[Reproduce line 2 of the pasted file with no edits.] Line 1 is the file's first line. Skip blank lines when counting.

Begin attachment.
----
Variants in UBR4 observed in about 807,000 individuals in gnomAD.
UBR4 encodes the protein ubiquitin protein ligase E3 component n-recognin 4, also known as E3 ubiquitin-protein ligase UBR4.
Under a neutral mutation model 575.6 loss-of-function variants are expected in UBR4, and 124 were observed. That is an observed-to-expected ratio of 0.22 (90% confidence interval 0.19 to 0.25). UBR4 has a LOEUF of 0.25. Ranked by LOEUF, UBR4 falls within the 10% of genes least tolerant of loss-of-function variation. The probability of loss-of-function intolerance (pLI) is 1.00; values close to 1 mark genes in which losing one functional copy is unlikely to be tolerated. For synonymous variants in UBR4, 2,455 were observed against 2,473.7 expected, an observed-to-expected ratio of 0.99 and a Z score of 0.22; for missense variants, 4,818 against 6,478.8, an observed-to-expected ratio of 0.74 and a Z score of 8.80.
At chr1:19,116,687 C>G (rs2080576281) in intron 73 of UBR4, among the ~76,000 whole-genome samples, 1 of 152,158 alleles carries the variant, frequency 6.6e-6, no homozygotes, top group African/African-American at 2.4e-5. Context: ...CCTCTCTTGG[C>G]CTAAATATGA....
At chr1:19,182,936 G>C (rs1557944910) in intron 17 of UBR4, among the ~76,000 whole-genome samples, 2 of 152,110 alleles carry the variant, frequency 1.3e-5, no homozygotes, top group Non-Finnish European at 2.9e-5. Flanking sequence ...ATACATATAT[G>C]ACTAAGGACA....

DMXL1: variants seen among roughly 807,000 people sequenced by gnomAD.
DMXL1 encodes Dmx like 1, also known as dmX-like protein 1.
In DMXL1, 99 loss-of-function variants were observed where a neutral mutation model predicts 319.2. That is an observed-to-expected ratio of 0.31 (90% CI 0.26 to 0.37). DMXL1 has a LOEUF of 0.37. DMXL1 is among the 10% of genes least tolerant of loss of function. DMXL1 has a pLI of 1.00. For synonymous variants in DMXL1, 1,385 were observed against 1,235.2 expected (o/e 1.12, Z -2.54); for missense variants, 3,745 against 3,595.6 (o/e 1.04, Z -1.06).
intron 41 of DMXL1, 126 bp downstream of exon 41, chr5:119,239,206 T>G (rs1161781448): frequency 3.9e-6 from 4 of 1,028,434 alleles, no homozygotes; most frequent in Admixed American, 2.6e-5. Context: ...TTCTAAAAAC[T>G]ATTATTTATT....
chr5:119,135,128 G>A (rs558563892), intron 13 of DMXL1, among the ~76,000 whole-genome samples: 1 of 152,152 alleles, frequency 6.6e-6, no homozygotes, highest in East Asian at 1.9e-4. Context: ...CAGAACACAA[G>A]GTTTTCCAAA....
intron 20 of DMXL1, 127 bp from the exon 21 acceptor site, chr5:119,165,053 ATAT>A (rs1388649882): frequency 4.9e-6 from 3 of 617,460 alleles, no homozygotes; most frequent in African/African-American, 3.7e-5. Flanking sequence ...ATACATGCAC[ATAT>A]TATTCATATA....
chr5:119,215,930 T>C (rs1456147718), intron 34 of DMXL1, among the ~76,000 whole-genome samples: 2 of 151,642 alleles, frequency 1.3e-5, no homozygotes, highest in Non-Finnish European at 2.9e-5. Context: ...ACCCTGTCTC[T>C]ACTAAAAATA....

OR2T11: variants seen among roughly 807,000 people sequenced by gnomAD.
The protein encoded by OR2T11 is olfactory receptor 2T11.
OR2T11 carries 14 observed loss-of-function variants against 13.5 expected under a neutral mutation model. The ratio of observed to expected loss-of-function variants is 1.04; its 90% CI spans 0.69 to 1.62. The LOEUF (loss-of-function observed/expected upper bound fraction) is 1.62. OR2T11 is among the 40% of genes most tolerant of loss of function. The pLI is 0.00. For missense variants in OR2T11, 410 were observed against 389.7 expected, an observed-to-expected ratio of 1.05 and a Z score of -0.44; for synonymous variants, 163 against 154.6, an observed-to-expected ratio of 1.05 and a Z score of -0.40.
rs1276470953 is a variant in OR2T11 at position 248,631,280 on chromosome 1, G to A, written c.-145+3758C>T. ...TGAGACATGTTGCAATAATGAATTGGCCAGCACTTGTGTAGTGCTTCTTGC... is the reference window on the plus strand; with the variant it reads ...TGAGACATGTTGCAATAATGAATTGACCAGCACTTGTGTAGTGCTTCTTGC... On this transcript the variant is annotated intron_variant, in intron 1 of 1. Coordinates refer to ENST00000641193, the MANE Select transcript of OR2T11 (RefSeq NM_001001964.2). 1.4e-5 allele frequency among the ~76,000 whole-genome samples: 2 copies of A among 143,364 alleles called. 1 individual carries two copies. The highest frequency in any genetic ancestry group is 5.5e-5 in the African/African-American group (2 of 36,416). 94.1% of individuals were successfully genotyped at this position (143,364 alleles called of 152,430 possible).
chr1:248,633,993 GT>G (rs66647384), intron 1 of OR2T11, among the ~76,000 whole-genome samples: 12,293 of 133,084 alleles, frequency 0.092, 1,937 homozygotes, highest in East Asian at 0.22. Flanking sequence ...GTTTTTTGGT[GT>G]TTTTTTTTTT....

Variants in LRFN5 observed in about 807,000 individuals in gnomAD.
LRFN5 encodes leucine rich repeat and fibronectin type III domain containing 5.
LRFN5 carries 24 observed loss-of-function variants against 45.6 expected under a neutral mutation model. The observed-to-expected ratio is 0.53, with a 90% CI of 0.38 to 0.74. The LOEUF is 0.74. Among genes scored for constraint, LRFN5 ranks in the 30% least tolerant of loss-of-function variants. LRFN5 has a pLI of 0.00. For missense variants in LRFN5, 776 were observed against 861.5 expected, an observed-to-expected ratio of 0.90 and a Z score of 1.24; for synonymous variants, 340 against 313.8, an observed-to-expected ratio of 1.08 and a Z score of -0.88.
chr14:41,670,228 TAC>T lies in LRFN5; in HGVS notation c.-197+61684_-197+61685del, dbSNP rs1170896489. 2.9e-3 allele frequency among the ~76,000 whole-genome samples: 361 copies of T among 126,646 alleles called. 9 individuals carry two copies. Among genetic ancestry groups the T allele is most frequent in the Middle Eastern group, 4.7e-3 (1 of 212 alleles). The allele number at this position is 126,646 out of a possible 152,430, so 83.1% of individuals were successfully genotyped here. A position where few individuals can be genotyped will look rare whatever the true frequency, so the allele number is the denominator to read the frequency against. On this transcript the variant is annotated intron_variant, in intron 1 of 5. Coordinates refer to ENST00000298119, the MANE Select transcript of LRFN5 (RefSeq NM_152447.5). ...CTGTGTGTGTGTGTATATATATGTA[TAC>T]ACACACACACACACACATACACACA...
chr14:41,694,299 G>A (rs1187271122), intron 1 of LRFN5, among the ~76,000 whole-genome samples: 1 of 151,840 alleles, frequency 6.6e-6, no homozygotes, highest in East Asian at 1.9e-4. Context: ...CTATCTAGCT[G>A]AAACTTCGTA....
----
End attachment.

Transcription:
UBR4 encodes the protein ubiquitin protein ligase E3 component n-recognin 4, also known as E3 ubiquitin-protein ligase UBR4.